Over a year ago, I began feeling a little worried after reading renowned Cal Tech semiologist Dr. Lucy Jones’ prediction about the catastrophic earthquake that is bound to strike Southern California one day – or as Angelenos refer to it, “The Big One”. I was specifically concerned about all of the surrounding dams located in the San Gabriel Valley holding back extraordinary amounts of water.
When I first moved to California, my uncle and I drove to see the Morris Dam in Azusa. I told him that I had never seen a dam before; in northwest Louisiana water just runs about everywhere, filling up an impressive network of locks and bayous. After our tour of Morris Dam, I realized what an amazing engineering feat it was to build such an impressive structure between the mountains of the San Gabriel Valley.
But it was the Big Dalton Dam in Glendora that really punched my paranoia button after investigating the dam’s history. Completed on September 11, 1928, Big Dalton Dam was recently seismically reinforced in 2014. The Northridge Earthquake was the catalyst for its repair. And so for a moment my worries were pacified…until I found a Los Angeles Times article online about the 250 acre Puddingstone Reservoir built in 1928. The reservoir needs major reassessment before the next rainy winter season.
Located within the Frank G. Bonelli Regional Park – an impressive 1,957 acre county park located within the city of San Dimas, California – the Puddingstone Dam isn’t as fancy as the Morris Dam, but one of the three dams features a whopping 147 foot high earth and rock-filled structure. The dam system has created a massive artificial lake stocked with bass.
In November 2013, California’s Flood Future was distributed by Flood Safe California and the US Army Corps of Engineers. Puddingstone was listed as a resource with relevant risks, along with ill-fated Oroville Dam. In 2014, geophysical tests were conducted at Puddingstone, but since then it’s been all quiet. After the gravity of Oroville Dam’s partial collapse, I guess it was finally deemed time to take another look at our state’s other dams which have an average age of 70 years old, some with imminent risks.
Three of the ninety-three total dams require “comprehensive” assessment, according to the State of California – Division of Safety of Dams report: Pyramid Dam in Castaic, Cogswell in Devil’s Canyon, and finally, Puddingstone Dam in San Dimas. Local operators of Puddingstone, Bureau of Public Works will be expected to access the following features, per DSOD Supervising Engineer Daniel Meyersohn:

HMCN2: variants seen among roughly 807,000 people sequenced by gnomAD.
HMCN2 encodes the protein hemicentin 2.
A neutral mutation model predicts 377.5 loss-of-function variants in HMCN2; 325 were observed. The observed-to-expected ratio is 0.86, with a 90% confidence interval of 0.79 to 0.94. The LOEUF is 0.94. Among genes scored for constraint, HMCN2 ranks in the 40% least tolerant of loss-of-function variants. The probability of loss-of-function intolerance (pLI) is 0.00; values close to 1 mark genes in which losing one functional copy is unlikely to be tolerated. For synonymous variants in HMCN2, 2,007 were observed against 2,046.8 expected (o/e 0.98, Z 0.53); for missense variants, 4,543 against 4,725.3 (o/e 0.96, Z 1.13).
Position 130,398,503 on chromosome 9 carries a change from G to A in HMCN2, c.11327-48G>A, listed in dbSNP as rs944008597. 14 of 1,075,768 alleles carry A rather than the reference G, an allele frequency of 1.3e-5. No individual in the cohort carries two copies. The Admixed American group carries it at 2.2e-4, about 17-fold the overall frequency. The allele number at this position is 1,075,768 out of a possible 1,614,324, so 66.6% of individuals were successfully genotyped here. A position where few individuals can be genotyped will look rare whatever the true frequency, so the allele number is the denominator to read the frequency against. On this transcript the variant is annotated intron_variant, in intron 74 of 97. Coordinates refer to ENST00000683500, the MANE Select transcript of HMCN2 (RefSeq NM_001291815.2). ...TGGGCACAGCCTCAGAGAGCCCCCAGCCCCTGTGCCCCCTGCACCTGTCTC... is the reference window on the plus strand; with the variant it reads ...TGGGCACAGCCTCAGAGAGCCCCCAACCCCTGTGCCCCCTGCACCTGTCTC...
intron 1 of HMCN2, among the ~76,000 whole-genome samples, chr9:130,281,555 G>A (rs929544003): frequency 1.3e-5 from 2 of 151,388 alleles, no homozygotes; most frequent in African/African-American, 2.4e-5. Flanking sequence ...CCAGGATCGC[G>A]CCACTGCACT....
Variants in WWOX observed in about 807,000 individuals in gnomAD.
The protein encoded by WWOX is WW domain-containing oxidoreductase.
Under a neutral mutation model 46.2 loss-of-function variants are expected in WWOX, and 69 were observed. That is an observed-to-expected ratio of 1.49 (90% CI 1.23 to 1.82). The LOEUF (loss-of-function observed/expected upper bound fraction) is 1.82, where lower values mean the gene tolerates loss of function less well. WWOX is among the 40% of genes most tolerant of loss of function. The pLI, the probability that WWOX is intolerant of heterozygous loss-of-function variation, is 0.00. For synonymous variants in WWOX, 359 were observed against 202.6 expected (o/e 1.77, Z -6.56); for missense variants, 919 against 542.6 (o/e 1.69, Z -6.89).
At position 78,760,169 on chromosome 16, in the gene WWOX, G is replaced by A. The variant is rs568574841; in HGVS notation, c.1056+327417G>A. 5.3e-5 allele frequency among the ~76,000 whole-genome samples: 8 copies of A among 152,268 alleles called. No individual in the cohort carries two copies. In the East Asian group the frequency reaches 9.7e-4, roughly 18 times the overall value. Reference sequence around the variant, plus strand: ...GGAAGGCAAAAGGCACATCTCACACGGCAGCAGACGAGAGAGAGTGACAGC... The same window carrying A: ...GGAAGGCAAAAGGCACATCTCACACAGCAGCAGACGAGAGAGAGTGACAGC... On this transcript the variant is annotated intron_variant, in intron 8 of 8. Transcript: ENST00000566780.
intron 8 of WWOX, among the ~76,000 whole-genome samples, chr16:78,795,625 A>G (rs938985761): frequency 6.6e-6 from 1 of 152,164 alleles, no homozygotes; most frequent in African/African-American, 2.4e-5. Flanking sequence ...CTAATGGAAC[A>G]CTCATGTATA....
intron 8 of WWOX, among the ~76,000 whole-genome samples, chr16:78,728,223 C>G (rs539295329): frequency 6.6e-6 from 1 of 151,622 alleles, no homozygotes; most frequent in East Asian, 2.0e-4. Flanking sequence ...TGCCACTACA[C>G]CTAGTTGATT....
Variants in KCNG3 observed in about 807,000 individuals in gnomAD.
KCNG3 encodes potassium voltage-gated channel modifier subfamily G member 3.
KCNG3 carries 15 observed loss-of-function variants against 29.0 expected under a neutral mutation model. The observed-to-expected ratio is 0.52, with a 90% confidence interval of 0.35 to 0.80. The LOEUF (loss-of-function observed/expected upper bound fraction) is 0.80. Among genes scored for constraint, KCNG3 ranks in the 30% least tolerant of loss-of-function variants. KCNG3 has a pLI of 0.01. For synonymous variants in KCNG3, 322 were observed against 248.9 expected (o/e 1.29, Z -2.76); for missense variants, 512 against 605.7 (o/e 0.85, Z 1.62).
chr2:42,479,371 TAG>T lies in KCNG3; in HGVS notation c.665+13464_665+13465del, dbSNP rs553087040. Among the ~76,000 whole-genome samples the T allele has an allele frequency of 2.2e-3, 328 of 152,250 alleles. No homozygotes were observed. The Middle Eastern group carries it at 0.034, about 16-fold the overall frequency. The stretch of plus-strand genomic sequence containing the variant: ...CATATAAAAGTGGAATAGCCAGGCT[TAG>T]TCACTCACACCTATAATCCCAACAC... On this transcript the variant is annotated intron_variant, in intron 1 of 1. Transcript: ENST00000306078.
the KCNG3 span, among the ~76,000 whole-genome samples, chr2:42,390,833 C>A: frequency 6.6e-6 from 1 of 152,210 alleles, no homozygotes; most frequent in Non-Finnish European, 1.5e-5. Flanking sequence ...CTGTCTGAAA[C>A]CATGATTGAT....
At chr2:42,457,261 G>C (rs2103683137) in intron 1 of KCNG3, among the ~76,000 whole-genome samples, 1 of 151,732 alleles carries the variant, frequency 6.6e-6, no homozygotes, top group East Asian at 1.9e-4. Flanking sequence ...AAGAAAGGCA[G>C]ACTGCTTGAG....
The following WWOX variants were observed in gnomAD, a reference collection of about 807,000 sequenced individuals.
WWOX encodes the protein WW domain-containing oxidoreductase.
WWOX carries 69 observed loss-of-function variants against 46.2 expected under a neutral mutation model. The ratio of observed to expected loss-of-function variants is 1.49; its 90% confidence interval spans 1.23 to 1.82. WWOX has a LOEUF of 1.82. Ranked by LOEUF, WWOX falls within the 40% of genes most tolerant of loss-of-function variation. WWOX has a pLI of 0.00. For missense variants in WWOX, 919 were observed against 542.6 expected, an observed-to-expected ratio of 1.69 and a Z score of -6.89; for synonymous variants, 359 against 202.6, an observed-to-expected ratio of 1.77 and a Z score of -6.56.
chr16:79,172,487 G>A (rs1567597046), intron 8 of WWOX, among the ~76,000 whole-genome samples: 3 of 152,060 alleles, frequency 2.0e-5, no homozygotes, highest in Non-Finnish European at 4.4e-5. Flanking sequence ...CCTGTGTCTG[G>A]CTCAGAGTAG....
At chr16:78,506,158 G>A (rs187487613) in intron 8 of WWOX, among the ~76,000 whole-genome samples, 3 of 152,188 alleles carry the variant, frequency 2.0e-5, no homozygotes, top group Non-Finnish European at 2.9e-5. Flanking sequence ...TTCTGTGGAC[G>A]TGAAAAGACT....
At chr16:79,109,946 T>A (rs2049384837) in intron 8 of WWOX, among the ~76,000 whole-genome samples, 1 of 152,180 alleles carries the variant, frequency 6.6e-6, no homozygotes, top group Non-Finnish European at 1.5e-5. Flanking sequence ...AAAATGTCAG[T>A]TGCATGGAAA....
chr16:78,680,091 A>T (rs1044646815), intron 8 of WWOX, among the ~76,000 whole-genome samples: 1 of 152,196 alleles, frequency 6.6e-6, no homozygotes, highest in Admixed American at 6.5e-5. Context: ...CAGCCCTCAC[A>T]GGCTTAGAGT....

- Drainage System
- Retaining Wall
- Geological Makeup of its Bedrock
- Other elements (???)
Considering Puddingstone is an earth and rock-filled dam, I began wondering the ways in which landscape architects, horticulturalists, geologists, civil engineers, Los Angeles County of Public Works, and the local area water agencies could approach the redesign of its structure. One idea is to re-energize Walnut Creek, revitalizing the flow instead of maintaining a giant reservoir.
Could we, as a creative team, be the “other elements”?
My curiosity took me into the vaults here at AHBE Landscape Architects where I discovered a thoughtful report that included several additional proposals about what to do with the space and its historic buildings. The report was developed in conjunction with the Water Conservation Authority, Tzu Chi Foundation, Los Angeles County Parks, and the Los Angeles County Flood District (LACFD), as well as other area specialists. This concept plan looked specifically at the surrounding 60 acres within the Walnut Creek Habitat and Open Space in 2011 owned by the City of San Dimas and the Water Conservation Authority. Community, stakeholders, and property owners were acknowledged, while a vision was created for the surrounding area. The top request made by the community was to keep as much natural open space with local native plants, bird walk, and a trail network lined with educational signage.
The 57 North and South Freeway lanes have a slight dip to it around the Via Verde exit, located nearly at the point of where one of the dams is located. That dip has been repaired at least once. Is there a river still running underground? Will the weight of vehicles driving above this section make the pillars slowly sink?
Walnut Creek naturally flows free for two miles without the concrete channels so prominently visible through San Dimas – ironically past the manmade flows of Raging Waters – and travels on through the San Gabriel Valley. What if the stream was reengineered to flow naturally from underneath the 57 Freeway into Walnut Creek Park past the Antonovich Trail? The original stands of Quercus agrifolia (Coast Live Oak) and Platanus racemosa (California Sycamore) are ready for regular irrigation for sure!